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Role of nucleolar dysfunction in neurodegenerative disorders: a game of genes?

1 Institute of Applied Physiology, University of Ulm, Ulm, Germany;
2 Institute of Anatomy and Cell Biology, Department of Medical Biology, University of Heidelberg, Heidelberg, Germany;
3 Dept. of Molecular Biology of the Cell II, DKFZ-ZMBH Alliance, German Cancer Research Center, Heidelberg, Germany

Special Issues: Molecular Mechanisms of Neurodegenerative Diseases

Within the cell nucleus the nucleolus is the site of rRNA transcription and ribosome biogenesis and its activity is clearly essential for a correct cell function, however its specific role in neuronal homeostasis remains mainly unknown. Here we review recent evidence that impaired nucleolar activity is a common mechanism in different neurodegenerative disorders. We focus on the specific causes and consequences of impaired nucleolar activity to better understand the pathogenesis of neurodegenerative disorders, such as Alzheimer's disease (AD), Parkinson's disease (PD), Huntington's disease (HD) and amyotrophic lateral sclerosis/frontotemporal dementia (ALS/FTD). In particular, we discuss the genetic and epigenetic factors that might regulate nucleolar function in these diseases. In addition, we describe novel animal models enabling the dissection of the context-specific series of events triggered by nucleolar disruption, also known as nucleolar stress. Finally, we suggest how this novel mechanism could help to identify strategies to treat these still incurable disorders.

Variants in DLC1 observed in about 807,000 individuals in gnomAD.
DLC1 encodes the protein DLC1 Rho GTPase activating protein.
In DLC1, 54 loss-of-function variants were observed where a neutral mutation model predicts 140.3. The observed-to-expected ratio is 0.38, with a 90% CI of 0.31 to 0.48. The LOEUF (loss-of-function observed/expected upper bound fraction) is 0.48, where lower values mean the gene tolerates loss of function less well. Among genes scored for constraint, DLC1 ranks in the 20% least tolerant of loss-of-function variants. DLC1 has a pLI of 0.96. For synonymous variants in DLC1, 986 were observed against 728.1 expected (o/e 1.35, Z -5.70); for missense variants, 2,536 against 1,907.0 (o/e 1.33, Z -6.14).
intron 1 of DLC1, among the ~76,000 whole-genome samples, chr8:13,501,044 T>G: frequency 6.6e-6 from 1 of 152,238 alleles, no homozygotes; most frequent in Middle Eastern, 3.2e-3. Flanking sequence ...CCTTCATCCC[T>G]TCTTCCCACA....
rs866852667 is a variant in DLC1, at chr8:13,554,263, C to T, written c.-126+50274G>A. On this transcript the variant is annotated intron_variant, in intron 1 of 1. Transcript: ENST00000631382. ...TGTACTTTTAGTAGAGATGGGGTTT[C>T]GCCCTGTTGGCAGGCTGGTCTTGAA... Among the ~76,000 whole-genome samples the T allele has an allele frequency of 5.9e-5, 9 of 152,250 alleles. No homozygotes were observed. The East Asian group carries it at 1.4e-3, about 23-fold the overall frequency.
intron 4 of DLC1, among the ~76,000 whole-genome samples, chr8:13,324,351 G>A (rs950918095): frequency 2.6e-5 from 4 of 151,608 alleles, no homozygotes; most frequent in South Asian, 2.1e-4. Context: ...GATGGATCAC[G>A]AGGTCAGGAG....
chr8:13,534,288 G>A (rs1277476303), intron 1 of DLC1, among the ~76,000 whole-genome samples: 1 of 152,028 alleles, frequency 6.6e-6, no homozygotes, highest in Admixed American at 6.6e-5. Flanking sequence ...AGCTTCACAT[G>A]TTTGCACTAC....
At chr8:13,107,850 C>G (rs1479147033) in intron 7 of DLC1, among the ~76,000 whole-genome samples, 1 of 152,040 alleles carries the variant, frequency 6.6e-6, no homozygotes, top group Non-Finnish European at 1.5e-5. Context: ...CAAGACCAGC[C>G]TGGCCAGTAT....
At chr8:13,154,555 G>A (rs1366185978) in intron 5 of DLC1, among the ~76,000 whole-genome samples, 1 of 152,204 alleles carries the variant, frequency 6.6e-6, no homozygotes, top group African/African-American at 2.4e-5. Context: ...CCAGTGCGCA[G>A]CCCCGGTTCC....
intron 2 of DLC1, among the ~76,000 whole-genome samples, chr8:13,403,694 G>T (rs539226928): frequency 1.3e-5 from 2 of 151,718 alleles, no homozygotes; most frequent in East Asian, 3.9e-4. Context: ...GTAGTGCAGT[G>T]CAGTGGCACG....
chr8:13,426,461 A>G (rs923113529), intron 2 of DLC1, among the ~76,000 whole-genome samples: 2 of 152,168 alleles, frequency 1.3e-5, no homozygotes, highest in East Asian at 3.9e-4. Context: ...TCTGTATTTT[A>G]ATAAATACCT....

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Keywords nucleolus; cellular stress; rRNA; neurodegeneration; mouse models; epigenetic regulation

Citation: Rosanna Parlato, Holger Bierhoff. Role of nucleolar dysfunction in neurodegenerative disorders: a game of genes?. AIMS Molecular Science, 2015, 2(3): 211-224. doi: 10.3934/molsci.2015.3.211

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Copyright Info: 2015, Rosanna Parlato, et al., licensee AIMS Press. This is an open access article distributed under the terms of the Creative Commons Attribution Licese (http://creativecommons.org/licenses/by/4.0)

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